Why are the ions in the salt bridge immune to the potential difference between Anode & Cathode ?

In the Galvanic or Voltaic cell example Only the electrons belonging to Anode (Zn metal) of neighbouring beaker are attracted to Cathode (Cu2+ ions) through the wire connecting them causing current but NOT the ions (Na+, Cl-) present in the salt bridge of it's own beaker... !

Why is this so ? The potential difference affecting the electrons of Anode should affect the ions of salt bridge also right? Instead the ions in the salt bridge seem to move in opposite direction to current opposing the potential difference ? How so ?

  • $\begingroup$ Electrostatic field that pulls the electrons in the wire is omnipresent, it also acts on the ions in the salt bridge. The ions move against that force because there are other forces acting on them - short-range forces due to gradient of concentration of chemicals. $\endgroup$ Dec 11, 2020 at 13:14
  • $\begingroup$ What is the name of this other force? Where can i read more about them? $\endgroup$
    – Vignesh Sk
    Dec 12, 2020 at 9:07
  • $\begingroup$ To be more accurate, in this case, most of the energy needed to push the ions through the electrolyte and the salt bridge is probably due to electrochemical forces acting on the ions while they pass the electrode-electrolyte boundary. In the salt bridge, electrochemical forces are probably much weaker/negligible and electrostatic field actually is in the same direction as the positive ions motion. There may be some non-electric force in the salt bridge due to concentration gradient forces, but not much. $\endgroup$ Dec 12, 2020 at 13:11
  • $\begingroup$ You can find some info o this searching for "electrochemical forces", "electrochemical potential", "concentration cell". One case of forces due to gradients is explained in Landau, Lifshitz, Electrodynamics of Continuous Media, par. 28 Diffusion phenomena. $\endgroup$ Dec 12, 2020 at 13:11
  • $\begingroup$ Thank you for the resources. I will check them out 👍 $\endgroup$
    – Vignesh Sk
    Dec 14, 2020 at 6:07

1 Answer 1


Struggled with the same doubt, so below is my understanding/resolution of the problem, comments are most welcome.

So, there are two types of ions, ions of half cell and external ions from the salt bridge.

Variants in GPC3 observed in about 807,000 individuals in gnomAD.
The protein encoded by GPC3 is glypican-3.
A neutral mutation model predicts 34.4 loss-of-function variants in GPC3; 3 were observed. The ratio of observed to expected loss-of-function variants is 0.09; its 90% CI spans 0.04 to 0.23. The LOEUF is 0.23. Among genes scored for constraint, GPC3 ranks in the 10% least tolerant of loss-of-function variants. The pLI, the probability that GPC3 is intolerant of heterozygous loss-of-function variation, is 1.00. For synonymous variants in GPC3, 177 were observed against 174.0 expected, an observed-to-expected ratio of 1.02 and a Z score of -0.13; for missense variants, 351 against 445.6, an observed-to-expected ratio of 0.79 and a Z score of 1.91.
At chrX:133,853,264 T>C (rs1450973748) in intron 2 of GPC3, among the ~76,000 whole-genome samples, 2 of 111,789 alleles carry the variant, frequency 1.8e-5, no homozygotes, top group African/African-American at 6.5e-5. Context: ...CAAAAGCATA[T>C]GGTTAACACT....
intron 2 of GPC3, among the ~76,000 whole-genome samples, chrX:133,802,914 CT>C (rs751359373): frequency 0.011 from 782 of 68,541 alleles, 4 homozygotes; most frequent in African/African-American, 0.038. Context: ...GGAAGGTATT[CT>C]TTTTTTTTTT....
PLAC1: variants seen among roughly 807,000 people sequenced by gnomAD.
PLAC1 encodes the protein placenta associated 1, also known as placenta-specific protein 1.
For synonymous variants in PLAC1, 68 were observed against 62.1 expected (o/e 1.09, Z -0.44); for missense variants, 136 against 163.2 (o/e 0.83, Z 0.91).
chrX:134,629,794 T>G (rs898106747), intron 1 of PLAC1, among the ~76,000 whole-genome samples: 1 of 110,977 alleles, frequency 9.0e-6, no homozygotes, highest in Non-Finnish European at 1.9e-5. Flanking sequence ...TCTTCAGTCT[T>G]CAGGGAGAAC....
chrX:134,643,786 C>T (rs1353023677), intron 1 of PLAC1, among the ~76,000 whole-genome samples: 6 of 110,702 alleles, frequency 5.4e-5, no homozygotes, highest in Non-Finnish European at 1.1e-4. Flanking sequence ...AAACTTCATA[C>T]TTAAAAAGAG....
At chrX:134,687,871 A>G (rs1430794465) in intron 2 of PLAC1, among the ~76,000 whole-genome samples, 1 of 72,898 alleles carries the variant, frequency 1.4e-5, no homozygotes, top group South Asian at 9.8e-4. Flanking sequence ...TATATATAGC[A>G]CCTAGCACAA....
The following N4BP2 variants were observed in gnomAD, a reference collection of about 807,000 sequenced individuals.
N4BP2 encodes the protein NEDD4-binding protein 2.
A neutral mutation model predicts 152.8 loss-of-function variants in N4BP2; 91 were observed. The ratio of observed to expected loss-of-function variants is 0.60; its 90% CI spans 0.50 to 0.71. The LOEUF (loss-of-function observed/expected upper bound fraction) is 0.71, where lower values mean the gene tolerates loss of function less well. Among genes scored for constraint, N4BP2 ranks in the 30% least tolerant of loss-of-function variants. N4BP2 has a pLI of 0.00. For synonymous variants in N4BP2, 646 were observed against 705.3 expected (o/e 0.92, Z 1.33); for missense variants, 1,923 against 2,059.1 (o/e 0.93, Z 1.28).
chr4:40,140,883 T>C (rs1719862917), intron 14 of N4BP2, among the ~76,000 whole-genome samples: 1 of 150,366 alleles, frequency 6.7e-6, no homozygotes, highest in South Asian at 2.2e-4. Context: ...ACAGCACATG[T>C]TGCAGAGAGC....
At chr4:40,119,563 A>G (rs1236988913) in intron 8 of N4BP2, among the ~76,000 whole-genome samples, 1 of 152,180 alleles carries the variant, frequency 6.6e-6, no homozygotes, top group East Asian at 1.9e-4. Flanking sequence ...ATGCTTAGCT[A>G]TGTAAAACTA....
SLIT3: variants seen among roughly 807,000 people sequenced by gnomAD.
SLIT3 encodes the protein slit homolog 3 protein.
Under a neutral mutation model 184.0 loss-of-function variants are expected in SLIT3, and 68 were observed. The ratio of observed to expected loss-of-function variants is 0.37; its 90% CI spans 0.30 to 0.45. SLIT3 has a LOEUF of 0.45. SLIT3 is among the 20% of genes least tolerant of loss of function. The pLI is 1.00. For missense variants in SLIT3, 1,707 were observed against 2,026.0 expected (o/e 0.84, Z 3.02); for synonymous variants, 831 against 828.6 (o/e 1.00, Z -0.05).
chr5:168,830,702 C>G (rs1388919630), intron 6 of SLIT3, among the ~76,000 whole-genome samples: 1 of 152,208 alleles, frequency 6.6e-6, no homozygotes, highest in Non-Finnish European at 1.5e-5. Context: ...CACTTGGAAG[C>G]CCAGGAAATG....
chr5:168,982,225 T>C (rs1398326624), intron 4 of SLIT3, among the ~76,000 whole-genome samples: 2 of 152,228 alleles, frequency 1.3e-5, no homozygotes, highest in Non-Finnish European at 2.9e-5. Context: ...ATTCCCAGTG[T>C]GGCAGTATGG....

Let's assume half cell rxn to be Cu+2 -> Cu in a CuSO4 medium,

1)Before Connection between two half cells, As the electrode will lose electrons,the positive charge will develop there, the tendency of Cu+ ions would be to be repelled from it and So4- ions to be attracted towards it, hence the double-layer formation and if the Net driving force for rxn becomes Zero => double layer formation gets completed/saturated,

There are two factors responsible for this saturation:

  1. Factor 1: More positive charge on electrode will make harder for Cu(+2) to get electrons from the electrode
  2. Factor 2:As there are more So4(-2) compared to Cu(+2) in the solution, it has developed a negative charge and it would be harder for Cu(+2) to leave the solution and go to the electrode. Both factors would be responsible for the opposing Electric field for Cu(+2).

2) After Connection between two half cells, but with no salt bridge, The first factor can be dealt away with, as we have an extra supply of electrons to neutralize it. But the second factor will be there and this again will lead to another condition of saturation after some more forward reaction.

2) After Connection between two half cells, but with salt bridge, We have introduced other ions, which does not interfere in our rxn but can neutralize the second factor (excess of So4 (2-),

What's happening:

One half cell solution has excess negative ions and the other has excess positive ions.

There are two ways to overcome the second factor, first, just make both chambers as one, but this will lead to direct reactions of "some" of Cu+ moving to Zn electrode. Reasons for such movement :

  1. Repulsion from their electrode and attraction towards Zn electrode, but this will not be very effective due to localized nature of double layer, so such ions would feel a zero effective charge from electrodes which are far away. So, mainly the movement would be due to diffusion.

  2. But there is another factor, excess of So4(2+) which will try to damp down such a migration but if we mix our electrolytes, we nullified this effect. This effect can be used positively in a salt bridge configuration. Lets call this oppostie ion effect.

The salt bridge.

By providing opposite ions to opposite chambers salt bridge can reduce the second factor, and while blocking the migration of Cu(+2) ions due to opposite ion effect. Ions of the salt bridge will selectively go to opposite half cells due to opposite ion effect. Such migration could be attained rapidly by higher conc. of salt in the salt bridge.A symmetrical movement ensure the electroneutrality principle and salt in the bridge will be replaced by neutral solvent molecules (effectively).

Will there still be chances of Cu(+2) migrating to the Zn electrode? yes, but the rate would be very slow and so it won't matter to us.

Will there be chances for So4(-2) ions migrating into the salt bridge? yes, when I say salt bridge ions gets replaced by solvent molecules, I mean the effective replacement of ions in the salt bridge. The Electroneutrality principle (we will not find any buildup of only one type of ions into parts of the salt bridge) will still hold in the salt bridge.


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